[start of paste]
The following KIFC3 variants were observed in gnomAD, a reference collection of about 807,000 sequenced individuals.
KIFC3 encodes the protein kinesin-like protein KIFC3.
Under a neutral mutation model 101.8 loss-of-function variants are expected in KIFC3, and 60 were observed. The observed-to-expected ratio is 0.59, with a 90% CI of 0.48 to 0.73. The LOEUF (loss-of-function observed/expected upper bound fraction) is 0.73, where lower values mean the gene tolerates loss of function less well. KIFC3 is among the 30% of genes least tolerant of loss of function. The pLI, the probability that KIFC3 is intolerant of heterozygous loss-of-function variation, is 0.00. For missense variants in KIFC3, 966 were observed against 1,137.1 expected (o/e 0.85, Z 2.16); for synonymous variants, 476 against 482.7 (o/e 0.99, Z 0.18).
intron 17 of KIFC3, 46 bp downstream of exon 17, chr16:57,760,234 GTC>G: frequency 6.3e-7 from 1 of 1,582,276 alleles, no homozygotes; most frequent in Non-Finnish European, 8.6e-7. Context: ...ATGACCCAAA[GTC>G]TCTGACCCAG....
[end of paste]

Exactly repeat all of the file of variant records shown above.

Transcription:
The following KIFC3 variants were observed in gnomAD, a reference collection of about 807,000 sequenced individuals.
KIFC3 encodes the protein kinesin-like protein KIFC3.
Under a neutral mutation model 101.8 loss-of-function variants are expected in KIFC3, and 60 were observed. The observed-to-expected ratio is 0.59, with a 90% CI of 0.48 to 0.73. The LOEUF (loss-of-function observed/expected upper bound fraction) is 0.73, where lower values mean the gene tolerates loss of function less well. KIFC3 is among the 30% of genes least tolerant of loss of function. The pLI, the probability that KIFC3 is intolerant of heterozygous loss-of-function variation, is 0.00. For missense variants in KIFC3, 966 were observed against 1,137.1 expected (o/e 0.85, Z 2.16); for synonymous variants, 476 against 482.7 (o/e 0.99, Z 0.18).
intron 17 of KIFC3, 46 bp downstream of exon 17, chr16:57,760,234 GTC>G: frequency 6.3e-7 from 1 of 1,582,276 alleles, no homozygotes; most frequent in Non-Finnish European, 8.6e-7. Context: ...ATGACCCAAA[GTC>G]TCTGACCCAG....